Here's a close-up look.
One of my first attempts at a scrap quilt was the popular Yellow Brick Road pattern by Atkinson Designs. Mine was more crappy than scrappy. It sat around for several years, before I layered and quilted it.
Here are two baby quilts I made a couple of years ago for Christmas gifts. They are both made with fabric from In the Beginning's Lily Pond fabric. One is pink for a little girl, the other blue's and greens for one of my grandsons. I used the same pattern for both - Illinois Road - from one of Ursula Reikes books, either Quilts for Baby, More Quilts for Baby or Even More Quitls for Baby. I use this pattern often for baby quilts. It is cute and fast!
People often ask me if I do T-Shirt or memory quilts. I have always said no, but a couple of years ago, when someone asked me and I said no, she asked again a couple of weeks later and I still said no. She waited another week or so and asked again. I think I probably said no about 5 or 6 times. She was obviously not going to take "no" for an answer. So, I talked to mom about it and she guided me through the process and voila. The first one was made for a school teacher who was retiring and it’s made with several years worth of pictures from her wrestling team. After I blocked each photo, the gal took the blocks back and embroidered the dates on each one. She and the other people in charge of this project are the ones who picked out the fabric so don't blame me. They loved it and from what I understand it was a huge success with the recipient as well.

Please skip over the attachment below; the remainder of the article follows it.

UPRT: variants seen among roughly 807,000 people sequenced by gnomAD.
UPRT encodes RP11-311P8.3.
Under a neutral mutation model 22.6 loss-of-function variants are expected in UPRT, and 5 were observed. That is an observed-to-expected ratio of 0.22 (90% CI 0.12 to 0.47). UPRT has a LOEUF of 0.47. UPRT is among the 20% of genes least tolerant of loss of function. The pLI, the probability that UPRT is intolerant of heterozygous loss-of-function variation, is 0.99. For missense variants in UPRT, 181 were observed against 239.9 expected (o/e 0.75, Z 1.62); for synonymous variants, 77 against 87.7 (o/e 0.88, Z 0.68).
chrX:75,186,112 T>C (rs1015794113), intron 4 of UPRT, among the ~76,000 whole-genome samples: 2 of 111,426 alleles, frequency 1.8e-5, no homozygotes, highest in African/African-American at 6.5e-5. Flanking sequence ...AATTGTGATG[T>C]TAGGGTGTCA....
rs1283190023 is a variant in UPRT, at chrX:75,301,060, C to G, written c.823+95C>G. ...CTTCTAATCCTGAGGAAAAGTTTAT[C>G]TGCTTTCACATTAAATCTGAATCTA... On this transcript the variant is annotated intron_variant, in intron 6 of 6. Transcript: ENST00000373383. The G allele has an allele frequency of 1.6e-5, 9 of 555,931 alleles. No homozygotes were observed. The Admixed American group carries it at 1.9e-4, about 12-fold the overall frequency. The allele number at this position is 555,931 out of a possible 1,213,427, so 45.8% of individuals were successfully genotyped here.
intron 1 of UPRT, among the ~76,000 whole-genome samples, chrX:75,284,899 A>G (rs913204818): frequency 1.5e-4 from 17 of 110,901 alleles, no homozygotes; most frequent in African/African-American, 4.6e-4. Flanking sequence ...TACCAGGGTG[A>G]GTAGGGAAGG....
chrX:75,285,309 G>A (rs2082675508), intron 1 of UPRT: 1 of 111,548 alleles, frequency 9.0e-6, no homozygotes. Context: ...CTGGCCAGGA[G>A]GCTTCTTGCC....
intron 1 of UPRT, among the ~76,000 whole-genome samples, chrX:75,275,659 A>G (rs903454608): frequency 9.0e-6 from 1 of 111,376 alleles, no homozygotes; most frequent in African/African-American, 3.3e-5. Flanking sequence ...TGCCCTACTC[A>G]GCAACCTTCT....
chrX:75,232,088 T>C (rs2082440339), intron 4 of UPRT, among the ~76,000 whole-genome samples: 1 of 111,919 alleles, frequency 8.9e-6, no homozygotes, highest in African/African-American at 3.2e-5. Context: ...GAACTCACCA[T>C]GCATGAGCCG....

I will say that I don't particularly enjoy doing these. After layering them, they get REALLY heavy and hard to maneuver in my sewing machine.
Here's a T-Shirt quilt I did for a friend of a friend last year. I think I said no a couple of times before finally relenting on this one too.
If you're a quilter you will probably relate to this. Several years ago, I was with my sister at Prints Charming II Quilt Shop in Palatine, IL. I had not been sewing for very long and we were just checking the store out. I was probably looking for something in particular but I don't remember what. There was a beautiful quilt hanging in the shop and I kept looking at it. I looked at the line of fabric and probably wrote down the name of it. It was Bluebirds of Happiness by Susan McKelvey for Benartex. I went home and could not stop thinking of that quilt and that fabric. I HAD to have it! When I called the store they told me the pattern was from the book "More Vertical Quilts with Style" by Bobbie Aug. I found the pattern, bought the book and lots of the fabric from the whole line. As I rapidly began my fabric stash, I would always look at that beautiful fabric. Whenever I finished a quilt, I would think to myself.....I should do something with that beautiful fabric. Well it took me many years and I ended up not using that patttern, but here it is.
I've looked for a link to the whole fabric line, but for some reason I can't locate it, not even on the Benartex site in their fabric archives. The fabric really is absolutely breathtaking, I think. I bought so much of it that I have enough to make another quilt or maybe even 2!